B. How many Palestinian refugees can be expected to return to the areas that will be ruled by the PNA? Even though there are as many as 2 million Palestinian refugees living outside the West Bank and Gaza, many of these refugees, particularly those living in Jordan, have become established members of their adopted communities, have relatively high incomes, have extensive if not full political rights, and have by now grown roots in their new environment. The empirical evidence obtained from the study of migration flows in many other countries around the world suggests that not all of the Palestinian refugees will exercise their right to return. Obviously, the social and economic consequences of any permanent solution to the refugee problem will depend crucially on the fraction of refugees which chooses to return. The Harvard Refugee Project can make a very useful contribution by providing systematic empirical evidence on the projected size of the return flow to the PNA, and on likely outflows from specific countries (such as Jordan).
C. What types of immigration policies should the PNA pursue so as to ensure that the return migration flow can be absorbed easily by the emerging economy and social structure of the Palestinian state? Even if only a small fraction of the Palestinian refugees residing in other countries choose to return, their absolute number might be sufficiently high to raise concerns about the economic and social capacity of the Palestinian Authority to absorb all of them in a short period of time. There seems to be some consensus that a permanent solution to the Palestinian refugee problem could be achieved in a time frame of several years. If the time frame were part of the negotiated settlement, we can then amortize the return migration over that period, giving time for the various types of social and economic adjustments to occur in an orderly fashion in the affected areas. The Harvard Refugee Project will consider alternative scenarios of how the refugee flow can be handled and quantify the social and economic adjustments that will take place as the flow continues. This phase of the research project will provide a careful analysis of the experience that Israel encountered in the late 1980s, when a large flow of Soviet émigrés entered the country. The lessons learned from that experience--in particular, the social and economic adjustments experienced by Israel, as well as the types of policies that were developed to smooth out these adjustments--could play an influential role in the negotiated settlement.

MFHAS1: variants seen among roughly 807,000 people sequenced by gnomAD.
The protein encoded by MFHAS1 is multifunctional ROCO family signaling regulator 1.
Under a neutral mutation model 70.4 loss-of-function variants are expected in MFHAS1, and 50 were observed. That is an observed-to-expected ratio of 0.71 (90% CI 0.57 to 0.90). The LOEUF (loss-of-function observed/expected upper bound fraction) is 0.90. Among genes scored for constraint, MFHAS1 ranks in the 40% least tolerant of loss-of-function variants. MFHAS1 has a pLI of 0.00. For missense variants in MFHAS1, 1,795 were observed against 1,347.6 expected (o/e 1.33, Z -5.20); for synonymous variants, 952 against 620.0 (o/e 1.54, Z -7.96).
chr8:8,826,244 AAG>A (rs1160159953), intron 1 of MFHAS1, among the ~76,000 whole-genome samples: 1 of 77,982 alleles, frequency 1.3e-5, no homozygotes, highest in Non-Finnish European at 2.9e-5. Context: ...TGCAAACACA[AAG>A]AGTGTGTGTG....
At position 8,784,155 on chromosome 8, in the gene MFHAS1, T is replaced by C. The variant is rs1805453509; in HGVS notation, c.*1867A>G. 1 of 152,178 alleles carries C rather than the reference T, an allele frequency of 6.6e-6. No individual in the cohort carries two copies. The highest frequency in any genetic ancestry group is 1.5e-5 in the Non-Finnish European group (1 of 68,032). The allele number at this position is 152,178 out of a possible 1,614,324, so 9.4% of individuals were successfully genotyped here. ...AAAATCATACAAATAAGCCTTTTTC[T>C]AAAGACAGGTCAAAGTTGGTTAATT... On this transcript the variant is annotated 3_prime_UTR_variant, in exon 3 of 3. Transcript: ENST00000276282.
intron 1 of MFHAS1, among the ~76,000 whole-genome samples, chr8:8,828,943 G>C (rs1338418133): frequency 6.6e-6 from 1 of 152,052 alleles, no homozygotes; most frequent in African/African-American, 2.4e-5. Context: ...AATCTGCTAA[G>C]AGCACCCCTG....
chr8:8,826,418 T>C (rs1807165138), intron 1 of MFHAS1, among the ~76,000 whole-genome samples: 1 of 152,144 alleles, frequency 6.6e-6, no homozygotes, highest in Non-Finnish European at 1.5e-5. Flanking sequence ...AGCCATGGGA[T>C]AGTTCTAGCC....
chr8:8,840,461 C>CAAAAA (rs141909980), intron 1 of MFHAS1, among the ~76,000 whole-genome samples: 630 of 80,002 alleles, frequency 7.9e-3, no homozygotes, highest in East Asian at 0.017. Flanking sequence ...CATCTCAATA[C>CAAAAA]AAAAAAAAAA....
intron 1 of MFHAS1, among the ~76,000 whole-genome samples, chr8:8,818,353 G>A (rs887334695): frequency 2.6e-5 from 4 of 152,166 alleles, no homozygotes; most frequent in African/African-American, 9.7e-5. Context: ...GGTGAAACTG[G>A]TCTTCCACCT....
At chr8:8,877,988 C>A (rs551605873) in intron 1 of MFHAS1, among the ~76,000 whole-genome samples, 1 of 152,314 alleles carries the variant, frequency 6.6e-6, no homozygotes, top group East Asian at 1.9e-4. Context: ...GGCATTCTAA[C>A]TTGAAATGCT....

D. The economic consequences of any agreement will depend crucially not only on how many refugees exercise their right to return, but also on which Palestinian refugees choose to return. It is important to realize that the sample of refugees who return to Palestine is a self-selected group. Obviously, different types of economic adjustments will occur depending on the types of refugees who exercise their right to return. As a result, the economic policies that will be developed to smooth out the adjustment period will be quite different if the refugees bring with them substantial human and physical capital, or if the refugees need substantial financial assistance and retooling of their skills. The Harvard Refugee Project will attempt to describe the nature of the flow that will likely occur, and will help formulate policies that will be most successful in ensuring that the refugee flow can make an important (and rapid) contribution to social and economic life in the emerging Palestinian state.
E. What types of economic and social resources are required to turn the refugee camps in the West Bank - Gaza and Jordan into vibrant economic communities? What types of improvements in the infrastructure are needed? As noted earlier, two-fifths of the registered refugees now live in the West Bank and Gaza; and many of these persons live in refugee camps. Another two-fifths lives in Jordan, and of them many also reside in camps. The Harvard Refugee Project will provide a systematic analysis of the conditions in the camps, of the improvements required to upgrade their social and economic infrastructure, and of the costs that will have to be incurred. The refugees already residing in the PNA along with non-refugees living there, are, in effect, the founding members of the emerging state. The speedy transformation of the refugee camps into successful economic communities could provide the much-needed spark that will be required for the development of the surrounding regions.
F. What is the value of the economic benefits that accrued to Israel and to the PNA through employment in Israel of Palestinian commuters? Throughout much of the 1980s, Israel depended heavily on labor imported from the then Occupied Territories. Recent studies show that upwards of 100 thousand Palestinians were employed in Israel, and these commuters made up perhaps as much as 40 percent of the working-age Palestinian male population in the West Bank and Gaza. The employment flow from the then Occupied Territories to Israel probably generated sizable economic benefits both for Israel and for the West Bank and Gaza. The Israeli economy got an infusion of various types of much-needed labor, while the Palestinians had access to a wider array of job opportunities. What types of labor market adjustments will occur if the flow is discontinued by closures of the West Bank and Gaza? What types of employment arrangements will persist after the refugee problem is settled?